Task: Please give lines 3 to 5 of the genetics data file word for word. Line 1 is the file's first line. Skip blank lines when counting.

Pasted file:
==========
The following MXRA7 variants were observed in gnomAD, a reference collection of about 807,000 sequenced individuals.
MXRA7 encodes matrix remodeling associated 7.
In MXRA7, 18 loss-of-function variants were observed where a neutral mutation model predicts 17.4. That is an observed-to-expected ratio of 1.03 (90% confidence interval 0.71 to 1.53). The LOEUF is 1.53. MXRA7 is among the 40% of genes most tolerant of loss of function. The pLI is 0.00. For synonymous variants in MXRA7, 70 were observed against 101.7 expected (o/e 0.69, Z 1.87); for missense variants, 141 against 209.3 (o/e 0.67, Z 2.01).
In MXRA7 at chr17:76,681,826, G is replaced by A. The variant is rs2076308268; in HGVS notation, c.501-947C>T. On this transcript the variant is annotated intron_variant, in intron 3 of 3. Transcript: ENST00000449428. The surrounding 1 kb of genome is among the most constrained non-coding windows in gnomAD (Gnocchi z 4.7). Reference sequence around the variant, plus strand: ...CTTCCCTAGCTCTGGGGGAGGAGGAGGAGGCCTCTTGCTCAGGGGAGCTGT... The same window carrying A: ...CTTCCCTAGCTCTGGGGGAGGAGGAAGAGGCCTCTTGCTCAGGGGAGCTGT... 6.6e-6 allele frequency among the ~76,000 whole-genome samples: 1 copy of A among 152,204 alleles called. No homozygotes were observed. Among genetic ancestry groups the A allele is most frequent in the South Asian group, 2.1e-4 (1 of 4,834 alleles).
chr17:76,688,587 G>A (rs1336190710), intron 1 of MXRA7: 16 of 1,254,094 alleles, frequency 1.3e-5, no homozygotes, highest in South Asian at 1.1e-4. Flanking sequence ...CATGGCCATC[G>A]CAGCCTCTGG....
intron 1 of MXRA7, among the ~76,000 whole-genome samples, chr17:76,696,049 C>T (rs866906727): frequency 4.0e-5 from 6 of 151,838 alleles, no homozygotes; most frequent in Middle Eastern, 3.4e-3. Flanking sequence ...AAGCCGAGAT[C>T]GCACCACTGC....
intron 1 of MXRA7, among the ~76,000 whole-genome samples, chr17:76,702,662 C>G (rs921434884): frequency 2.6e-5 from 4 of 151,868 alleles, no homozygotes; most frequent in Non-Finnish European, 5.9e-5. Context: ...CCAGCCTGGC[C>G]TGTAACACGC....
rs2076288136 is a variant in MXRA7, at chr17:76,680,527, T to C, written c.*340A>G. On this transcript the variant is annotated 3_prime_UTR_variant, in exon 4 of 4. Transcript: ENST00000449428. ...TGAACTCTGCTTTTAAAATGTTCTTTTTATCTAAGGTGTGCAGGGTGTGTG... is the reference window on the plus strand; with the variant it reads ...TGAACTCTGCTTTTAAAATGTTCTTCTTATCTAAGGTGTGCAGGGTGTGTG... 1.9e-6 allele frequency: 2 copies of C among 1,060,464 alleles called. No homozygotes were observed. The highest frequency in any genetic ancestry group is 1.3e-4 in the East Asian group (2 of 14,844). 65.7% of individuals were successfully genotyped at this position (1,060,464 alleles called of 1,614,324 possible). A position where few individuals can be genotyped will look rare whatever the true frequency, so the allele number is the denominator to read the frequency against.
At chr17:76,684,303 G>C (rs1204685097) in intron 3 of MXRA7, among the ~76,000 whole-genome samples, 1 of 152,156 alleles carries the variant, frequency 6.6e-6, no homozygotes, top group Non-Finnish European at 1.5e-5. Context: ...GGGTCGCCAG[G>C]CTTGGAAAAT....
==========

In MXRA7, 18 loss-of-function variants were observed where a neutral mutation model predicts 17.4. That is an observed-to-expected ratio of 1.03 (90% confidence interval 0.71 to 1.53). The LOEUF is 1.53. MXRA7 is among the 40% of genes most tolerant of loss of function. The pLI is 0.00. For synonymous variants in MXRA7, 70 were observed against 101.7 expected (o/e 0.69, Z 1.87); for missense variants, 141 against 209.3 (o/e 0.67, Z 2.01).
In MXRA7 at chr17:76,681,826, G is replaced by A. The variant is rs2076308268; in HGVS notation, c.501-947C>T. On this transcript the variant is annotated intron_variant, in intron 3 of 3. Transcript: ENST00000449428. The surrounding 1 kb of genome is among the most constrained non-coding windows in gnomAD (Gnocchi z 4.7). Reference sequence around the variant, plus strand: ...CTTCCCTAGCTCTGGGGGAGGAGGAGGAGGCCTCTTGCTCAGGGGAGCTGT... The same window carrying A: ...CTTCCCTAGCTCTGGGGGAGGAGGAAGAGGCCTCTTGCTCAGGGGAGCTGT... 6.6e-6 allele frequency among the ~76,000 whole-genome samples: 1 copy of A among 152,204 alleles called. No homozygotes were observed. Among genetic ancestry groups the A allele is most frequent in the South Asian group, 2.1e-4 (1 of 4,834 alleles).
chr17:76,688,587 G>A (rs1336190710), intron 1 of MXRA7: 16 of 1,254,094 alleles, frequency 1.3e-5, no homozygotes, highest in South Asian at 1.1e-4. Flanking sequence ...CATGGCCATC[G>A]CAGCCTCTGG....